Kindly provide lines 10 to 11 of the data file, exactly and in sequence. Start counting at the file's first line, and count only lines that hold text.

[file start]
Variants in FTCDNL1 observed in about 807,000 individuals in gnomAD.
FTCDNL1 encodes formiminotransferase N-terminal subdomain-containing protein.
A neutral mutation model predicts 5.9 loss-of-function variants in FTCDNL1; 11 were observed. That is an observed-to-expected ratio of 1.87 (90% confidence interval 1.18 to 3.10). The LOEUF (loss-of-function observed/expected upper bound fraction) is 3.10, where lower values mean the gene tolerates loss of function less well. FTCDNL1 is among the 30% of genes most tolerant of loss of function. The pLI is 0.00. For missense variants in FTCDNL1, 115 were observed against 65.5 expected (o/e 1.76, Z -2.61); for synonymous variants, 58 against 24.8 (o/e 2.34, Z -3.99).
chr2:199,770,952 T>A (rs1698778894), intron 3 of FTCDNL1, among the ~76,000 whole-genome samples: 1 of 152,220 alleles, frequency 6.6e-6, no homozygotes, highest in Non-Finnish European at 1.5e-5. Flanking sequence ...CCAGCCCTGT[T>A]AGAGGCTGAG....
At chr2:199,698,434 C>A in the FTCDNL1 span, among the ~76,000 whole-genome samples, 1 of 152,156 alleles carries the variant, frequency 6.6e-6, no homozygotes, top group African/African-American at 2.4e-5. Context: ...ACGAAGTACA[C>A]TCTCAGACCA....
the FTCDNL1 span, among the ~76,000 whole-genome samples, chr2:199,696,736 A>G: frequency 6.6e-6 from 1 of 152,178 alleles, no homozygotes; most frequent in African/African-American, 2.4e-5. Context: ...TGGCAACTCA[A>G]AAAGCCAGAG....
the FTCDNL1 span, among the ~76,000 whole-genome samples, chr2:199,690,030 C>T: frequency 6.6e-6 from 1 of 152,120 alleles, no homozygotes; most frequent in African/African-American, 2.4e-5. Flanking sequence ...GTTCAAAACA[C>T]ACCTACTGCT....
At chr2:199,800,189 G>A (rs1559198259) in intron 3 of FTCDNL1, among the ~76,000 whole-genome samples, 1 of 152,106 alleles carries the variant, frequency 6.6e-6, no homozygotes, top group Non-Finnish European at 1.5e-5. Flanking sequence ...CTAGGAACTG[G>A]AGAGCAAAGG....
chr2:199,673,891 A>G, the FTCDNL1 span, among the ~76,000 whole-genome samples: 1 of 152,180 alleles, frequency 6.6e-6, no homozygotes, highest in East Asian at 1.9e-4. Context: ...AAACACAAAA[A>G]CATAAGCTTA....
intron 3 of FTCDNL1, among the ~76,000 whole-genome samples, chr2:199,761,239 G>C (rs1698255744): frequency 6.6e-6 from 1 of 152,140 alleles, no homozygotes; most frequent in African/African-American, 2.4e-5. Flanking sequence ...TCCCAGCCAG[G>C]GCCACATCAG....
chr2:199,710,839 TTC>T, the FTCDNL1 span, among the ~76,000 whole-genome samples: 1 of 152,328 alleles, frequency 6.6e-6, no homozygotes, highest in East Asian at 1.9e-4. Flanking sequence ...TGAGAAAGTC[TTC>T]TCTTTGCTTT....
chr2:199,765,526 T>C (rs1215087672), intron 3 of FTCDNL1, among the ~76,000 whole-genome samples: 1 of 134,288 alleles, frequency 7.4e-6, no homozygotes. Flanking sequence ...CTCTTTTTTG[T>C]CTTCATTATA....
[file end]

intron 3 of FTCDNL1, among the ~76,000 whole-genome samples, chr2:199,761,239 G>C (rs1698255744): frequency 6.6e-6 from 1 of 152,140 alleles, no homozygotes; most frequent in African/African-American, 2.4e-5. Flanking sequence ...TCCCAGCCAG[G>C]GCCACATCAG....
chr2:199,710,839 TTC>T, the FTCDNL1 span, among the ~76,000 whole-genome samples: 1 of 152,328 alleles, frequency 6.6e-6, no homozygotes, highest in East Asian at 1.9e-4. Flanking sequence ...TGAGAAAGTC[TTC>T]TCTTTGCTTT....